During the month of September, the first part of the fall sermon series on spiritual renewal will focus on the gospel of Jesus as the foundation for our spiritual life. At the 8:30 and 9:45 services, we will sing a new song, “Before the Throne of God Above,” to celebrate the person and work of Jesus that is the heart and hope of all spiritual renewal. This old hymn text set to a modern tune enables us to sing of both the past work of Jesus in dying and rising to free us from sin’s guilt and power and also of the present work of the risen Jesus that gives us access to God and the strongest assurance of God’s forgiveness and powerful presence in our lives. Because he is our “great high priest whose name is love,” and because our names are “graven on his hands” and “written on his heart,” we can sing with confidence, “one with himself I cannot die….my life is hid with Christ on high with Christ my Savior and my God.” The Chancel Choir has learned an arrangement of this song in four-part harmony to sing with the congregation, and their musical leadership will add even greater glory to an already beautiful melody. Continue reading
The new song for Easter season in the 11:15 worship service is “Behold Our God.” The sermons during this season will focus on the beauty and supremacy of the risen and reigning Lord Jesus Christ as revealed to us in the Book of Revelation. This song draws our gaze to the risen Lord Jesus so that we might behold him together with awe and delight as we sing.
The new song for Lent at the 11:15 worship service is an arrangement of a portion of Psalm 130. The sermons during Lent this year will focus on the need for spiritual renewal with a special emphasis on the role of humble, repentant prayer in our personal spiritual growth as well as the growth of the church. Psalm 130 is a classic prayer of confession and petition that will enable us to express to the Lord our repentance as well as our longing and confident plea for his gracious healing work in setting us from “from all our sin and sorrow.”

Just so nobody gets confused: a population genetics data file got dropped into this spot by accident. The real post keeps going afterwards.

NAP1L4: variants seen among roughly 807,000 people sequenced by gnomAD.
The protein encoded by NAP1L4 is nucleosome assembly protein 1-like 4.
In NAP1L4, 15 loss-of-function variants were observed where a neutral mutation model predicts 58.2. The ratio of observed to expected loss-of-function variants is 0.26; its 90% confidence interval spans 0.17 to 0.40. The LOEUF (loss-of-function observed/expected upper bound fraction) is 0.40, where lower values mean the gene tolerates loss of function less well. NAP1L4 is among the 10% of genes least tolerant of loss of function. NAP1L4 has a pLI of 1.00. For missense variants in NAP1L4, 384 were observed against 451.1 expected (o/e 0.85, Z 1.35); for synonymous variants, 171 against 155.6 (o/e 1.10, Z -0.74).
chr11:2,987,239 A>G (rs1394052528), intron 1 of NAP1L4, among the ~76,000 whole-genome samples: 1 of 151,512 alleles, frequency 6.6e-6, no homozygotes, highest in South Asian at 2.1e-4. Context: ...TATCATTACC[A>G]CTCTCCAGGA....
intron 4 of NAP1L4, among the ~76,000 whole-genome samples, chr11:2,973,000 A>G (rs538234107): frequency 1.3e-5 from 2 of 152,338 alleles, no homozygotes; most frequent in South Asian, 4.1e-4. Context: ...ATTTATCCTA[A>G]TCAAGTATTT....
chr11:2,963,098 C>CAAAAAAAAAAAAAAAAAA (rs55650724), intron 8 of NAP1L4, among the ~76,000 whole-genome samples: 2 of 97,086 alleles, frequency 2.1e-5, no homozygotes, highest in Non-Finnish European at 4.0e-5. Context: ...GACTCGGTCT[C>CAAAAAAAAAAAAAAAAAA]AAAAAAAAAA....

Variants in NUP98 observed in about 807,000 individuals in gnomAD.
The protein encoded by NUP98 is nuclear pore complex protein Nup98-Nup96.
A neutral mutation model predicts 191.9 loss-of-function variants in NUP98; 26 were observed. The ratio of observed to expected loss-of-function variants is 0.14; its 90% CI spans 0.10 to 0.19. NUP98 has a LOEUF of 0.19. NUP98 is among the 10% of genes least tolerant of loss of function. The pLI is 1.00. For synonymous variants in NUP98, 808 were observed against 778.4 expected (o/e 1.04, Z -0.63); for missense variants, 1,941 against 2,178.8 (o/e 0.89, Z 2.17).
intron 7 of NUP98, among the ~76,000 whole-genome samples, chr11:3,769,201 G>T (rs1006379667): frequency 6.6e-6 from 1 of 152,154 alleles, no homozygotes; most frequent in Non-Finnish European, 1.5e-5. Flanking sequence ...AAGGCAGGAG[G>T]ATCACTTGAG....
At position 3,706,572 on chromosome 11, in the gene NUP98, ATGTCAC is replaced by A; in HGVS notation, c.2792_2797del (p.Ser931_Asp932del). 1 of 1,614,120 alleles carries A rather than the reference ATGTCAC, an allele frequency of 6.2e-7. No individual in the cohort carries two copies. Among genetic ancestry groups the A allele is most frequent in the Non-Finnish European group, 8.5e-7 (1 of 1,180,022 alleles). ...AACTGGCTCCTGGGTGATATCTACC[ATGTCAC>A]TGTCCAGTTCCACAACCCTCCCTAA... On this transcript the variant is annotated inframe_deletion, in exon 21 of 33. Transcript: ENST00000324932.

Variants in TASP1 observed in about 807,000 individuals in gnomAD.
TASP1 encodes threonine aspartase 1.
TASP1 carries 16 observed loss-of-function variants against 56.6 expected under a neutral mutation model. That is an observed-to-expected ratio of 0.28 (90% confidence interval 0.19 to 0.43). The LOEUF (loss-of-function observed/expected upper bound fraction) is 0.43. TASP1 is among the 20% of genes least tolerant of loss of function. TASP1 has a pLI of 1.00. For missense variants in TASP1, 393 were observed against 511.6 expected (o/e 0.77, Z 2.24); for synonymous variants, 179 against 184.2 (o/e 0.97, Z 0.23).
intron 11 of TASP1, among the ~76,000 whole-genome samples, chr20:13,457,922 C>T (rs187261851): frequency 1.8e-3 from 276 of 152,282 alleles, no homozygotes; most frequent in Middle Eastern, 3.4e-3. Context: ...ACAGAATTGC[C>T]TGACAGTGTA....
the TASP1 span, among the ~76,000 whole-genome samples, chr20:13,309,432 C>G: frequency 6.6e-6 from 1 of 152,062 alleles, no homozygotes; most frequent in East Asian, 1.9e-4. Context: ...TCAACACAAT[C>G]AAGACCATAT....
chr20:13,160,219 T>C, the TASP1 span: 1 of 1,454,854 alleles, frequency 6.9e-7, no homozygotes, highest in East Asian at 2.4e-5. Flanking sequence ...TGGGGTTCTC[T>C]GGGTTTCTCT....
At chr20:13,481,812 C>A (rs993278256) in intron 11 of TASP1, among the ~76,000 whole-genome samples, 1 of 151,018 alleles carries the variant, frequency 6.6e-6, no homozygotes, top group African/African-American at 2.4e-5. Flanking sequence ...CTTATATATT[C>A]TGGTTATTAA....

Psalm 130 [From Depths of Woe] (Audio)
Text: Martin Luther 1523; trans. Richard Massie 1854, alt. 1961
Music: Eric Priest 2006
1. From depths of woe I raise to thee the voice of lamentation!
Lord, turn a gracious ear to me and hear my supplication.
If thou iniquities dost mark, our secret sins and misdeeds dark,
O, who shall stand before thee?
2. To wash away the crimson stain, grace – grace alone – availeth!
Our works, alas, are all in vain, in much the best life faileth.
No man can glory in thy sight; all must alike confess thy might,
and live alone by mercy.
3. Though great our sins and sore our woes, his grace much more aboundeth!
His helping love no limit knows; our upmost need it soundeth.
Our Shepherd good and true is he, who will at last his Israel free
from all their sin and sorrow.
The new song for worship in November in the 11:15 service at Central Presbyterian Church is “Lord, I Need You.” The refrain in this song is a modern adaptation of the refrain from the classic hymn “I Need Thee Every Hour.” As pastors Eric Stiller and Daryl Madi continue preaching through the book of Philippians this month, this song will help us respond to the word of God with a prayer that we will find Jesus to be our true defense and righteousness (Philippians 3:8-10) and our sure hope and strength who supplies our every need (Philippians 4:11-19).